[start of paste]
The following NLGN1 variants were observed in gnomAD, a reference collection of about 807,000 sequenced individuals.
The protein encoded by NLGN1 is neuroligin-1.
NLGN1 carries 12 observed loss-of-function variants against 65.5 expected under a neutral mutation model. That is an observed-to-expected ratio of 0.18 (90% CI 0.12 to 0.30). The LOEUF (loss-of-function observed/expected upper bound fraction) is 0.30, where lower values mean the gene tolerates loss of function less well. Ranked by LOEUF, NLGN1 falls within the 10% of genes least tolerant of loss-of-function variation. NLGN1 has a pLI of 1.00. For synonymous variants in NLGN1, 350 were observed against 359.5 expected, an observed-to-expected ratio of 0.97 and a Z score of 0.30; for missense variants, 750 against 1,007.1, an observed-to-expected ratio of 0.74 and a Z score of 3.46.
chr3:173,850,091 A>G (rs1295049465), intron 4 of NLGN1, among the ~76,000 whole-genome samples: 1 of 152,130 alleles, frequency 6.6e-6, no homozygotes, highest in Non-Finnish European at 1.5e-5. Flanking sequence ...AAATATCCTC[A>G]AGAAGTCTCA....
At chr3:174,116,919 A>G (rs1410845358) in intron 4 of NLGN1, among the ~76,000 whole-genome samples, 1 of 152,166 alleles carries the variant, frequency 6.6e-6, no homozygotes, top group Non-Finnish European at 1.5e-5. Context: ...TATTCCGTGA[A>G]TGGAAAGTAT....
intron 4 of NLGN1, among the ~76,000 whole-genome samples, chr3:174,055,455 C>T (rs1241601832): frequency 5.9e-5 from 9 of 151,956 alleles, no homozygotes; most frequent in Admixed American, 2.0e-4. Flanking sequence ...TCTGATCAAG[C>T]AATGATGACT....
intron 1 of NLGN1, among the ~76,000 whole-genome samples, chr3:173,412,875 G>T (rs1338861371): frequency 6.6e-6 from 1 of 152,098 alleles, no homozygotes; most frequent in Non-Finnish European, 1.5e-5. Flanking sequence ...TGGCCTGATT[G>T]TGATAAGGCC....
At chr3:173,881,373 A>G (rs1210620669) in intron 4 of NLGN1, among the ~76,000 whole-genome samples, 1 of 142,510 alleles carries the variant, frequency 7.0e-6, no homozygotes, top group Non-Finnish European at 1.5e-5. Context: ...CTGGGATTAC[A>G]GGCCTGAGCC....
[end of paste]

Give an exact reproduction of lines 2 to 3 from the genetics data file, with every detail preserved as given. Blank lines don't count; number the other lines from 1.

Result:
The protein encoded by NLGN1 is neuroligin-1.
NLGN1 carries 12 observed loss-of-function variants against 65.5 expected under a neutral mutation model. That is an observed-to-expected ratio of 0.18 (90% CI 0.12 to 0.30). The LOEUF (loss-of-function observed/expected upper bound fraction) is 0.30, where lower values mean the gene tolerates loss of function less well. Ranked by LOEUF, NLGN1 falls within the 10% of genes least tolerant of loss-of-function variation. NLGN1 has a pLI of 1.00. For synonymous variants in NLGN1, 350 were observed against 359.5 expected, an observed-to-expected ratio of 0.97 and a Z score of 0.30; for missense variants, 750 against 1,007.1, an observed-to-expected ratio of 0.74 and a Z score of 3.46.